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CAPE TOWN — Packaged in the form of a letter of supplication to US and EU friends, Future of Business SA Project leader, Marius Oosthuizen, cautions President Ramaphosa not to yield to populist pressure by running ahead of the legislature and the courts regarding expropriation of land without compensation. He’s alluding to Cyril’s predecessor in his famous late-night TV Nenegate cabinet reshuffle which Ramaphosa somewhat mimicked recently in announcing his party’s intention to amend the Constitution to more easily facilitate EWC. Oosthuizen is pragmatic about EWC in the context of SA’s history and legacy and believes that if properly managed while respecting our democratic institutions, the international investment community can be pacified. But it will need lots of patience. It’s a sober and rational call for an adaptation of land use patterns, coupled with aggressive human capital development and state-coordinated stimulus of the economy, taking decades. The question is, can Cyril remain on the high wire while balancing the very real populist demands churned to the max by his traditionalist (read Zuptoid) opponents? If he can, history will judge him a statesman and hero. Can he manage the short-term party-approbrium? Our recent political transition so eloquently refers. – Chris Bateman
By Marius Oosthuizen*
The president of South Africa, Mr. Cyril Ramaphosa has announced that his party, the African National Congress (ANC), intends to expropriate land without compensation (EWC). Adding to the turbulence caused by the already hotly debated policy, was the president’s decision to make the announcement in a late night televised address reminiscent of former President Jacob Zuma’s cabinet reshuffle now infamously known as Nenegate. Furthermore, the announcement seemed premature given the ongoing parliamentary process whereby a series of nationwide public hearings on the matter by the constitutional review committee of the legislature, is yet to report it’s findings.
Let’s be clear, the president’s chosen course of actions looks amateurish, haphazard and irresponsible.
Under normal circumstances, in a so-called western-style constitutional democracy, with a free market capitalist system, the very notion of EWC strikes at the heart of property rights, setting in motion a domino effect of – loss of business confidence, loss of investment in fixed asset formation or even divestment and consequently, the demise of the economy. This week the Wall Street Journal (WSJ) eloquently contemplated the Venezuelan or Zimbabwe-style disaster that seems to be on the cards for South Africa under Ramaphosa. Local lobby groups have also raised concerns that EWC would put important trade deals such as the African Growth and Opportunity Act (AGOA) at risk.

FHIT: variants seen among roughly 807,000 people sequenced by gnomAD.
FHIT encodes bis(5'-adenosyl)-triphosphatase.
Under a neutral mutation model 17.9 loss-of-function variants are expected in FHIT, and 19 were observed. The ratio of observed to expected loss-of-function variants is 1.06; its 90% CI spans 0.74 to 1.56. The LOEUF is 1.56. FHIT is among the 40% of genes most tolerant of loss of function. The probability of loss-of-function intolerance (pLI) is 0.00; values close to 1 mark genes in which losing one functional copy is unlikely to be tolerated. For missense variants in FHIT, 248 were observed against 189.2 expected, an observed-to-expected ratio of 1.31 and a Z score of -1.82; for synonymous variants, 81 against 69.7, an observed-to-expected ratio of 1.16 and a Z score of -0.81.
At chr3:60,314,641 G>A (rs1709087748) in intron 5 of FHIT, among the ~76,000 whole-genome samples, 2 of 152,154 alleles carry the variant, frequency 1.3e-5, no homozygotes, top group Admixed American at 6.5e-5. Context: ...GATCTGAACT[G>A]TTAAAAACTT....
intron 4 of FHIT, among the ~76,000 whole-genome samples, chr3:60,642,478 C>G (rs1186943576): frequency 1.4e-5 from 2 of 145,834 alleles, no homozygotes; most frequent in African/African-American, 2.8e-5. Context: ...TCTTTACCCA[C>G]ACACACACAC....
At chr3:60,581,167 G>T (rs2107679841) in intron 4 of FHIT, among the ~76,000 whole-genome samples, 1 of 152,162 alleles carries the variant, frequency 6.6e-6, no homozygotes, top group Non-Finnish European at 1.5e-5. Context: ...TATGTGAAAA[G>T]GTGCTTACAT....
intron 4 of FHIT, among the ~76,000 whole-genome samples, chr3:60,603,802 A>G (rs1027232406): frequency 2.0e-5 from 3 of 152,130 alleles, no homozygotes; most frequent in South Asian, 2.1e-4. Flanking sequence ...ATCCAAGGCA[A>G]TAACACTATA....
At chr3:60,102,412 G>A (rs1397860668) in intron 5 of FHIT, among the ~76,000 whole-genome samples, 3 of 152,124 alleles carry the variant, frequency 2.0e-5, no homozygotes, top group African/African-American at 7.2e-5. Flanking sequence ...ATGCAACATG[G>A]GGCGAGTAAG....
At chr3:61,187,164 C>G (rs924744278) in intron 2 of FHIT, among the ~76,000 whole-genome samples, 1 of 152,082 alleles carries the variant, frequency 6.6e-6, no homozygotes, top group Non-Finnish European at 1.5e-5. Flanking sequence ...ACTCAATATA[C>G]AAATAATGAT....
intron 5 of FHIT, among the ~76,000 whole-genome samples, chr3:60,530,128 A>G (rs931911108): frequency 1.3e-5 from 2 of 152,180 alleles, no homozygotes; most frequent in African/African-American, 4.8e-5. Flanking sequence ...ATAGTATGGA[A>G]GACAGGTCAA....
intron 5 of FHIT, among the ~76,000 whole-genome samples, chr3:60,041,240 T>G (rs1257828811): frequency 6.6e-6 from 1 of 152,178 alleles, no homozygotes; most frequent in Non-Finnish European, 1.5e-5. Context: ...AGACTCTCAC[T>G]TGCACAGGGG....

Naturally, the risks of a seemingly populist policy drift in the ANC and the executive raises the sceptre of a departure from South Africa’s track record as a reliable trade partner. It calls into question our nation’s commitment to the rule of law, protection of rights, the bedrock of any open, globally connected economy. But such a perspective, though predictable, misses the broader context and historic moment in which South Africa finds itself at this time.
Land, identity and social justice
South Africa’s colonial and apartheid history needs no elaborate explanation. However, the legacy of those eras of oppression, forms the backdrop against which the president must provide national leadership at this moment in time. It is a legacy that has resulted in a social stratification of a small hyper-privileged elite, who enjoy the benefits of education, conspicuous consumption and well-remunerated employment in the increasingly digitized knowledge economy. These bankers, lawyers, managers and broader professional class, enjoy the lifestyle benefits of their counterparts in the Nordic states, in London, Zurich, Beijing and New York, only they mitigate their security and healthcare concerns with costly private provision.
Below them lives a embattled middle class and working class, who struggle to temper their aspirations as modern urban suburbanites, absorbing the cost of living imposed on them from abroad via the resurging oil price, rising cost of imported consumer products and a decades-long weakening of the currency. At the base of the social strata sits a massive poorly skilled and mostly unemployed class of poor, who have seen the sunlight of political freedom of the last two decades turn into an unbearable struggle between having enough to escape the claws of abject deprivation but having too little to have any sense of Maslowian safety. Too rich to die and too poor to live, they exist in a state of limbo, watching resentfully the grotesque affluence of the other end of the social pyramid.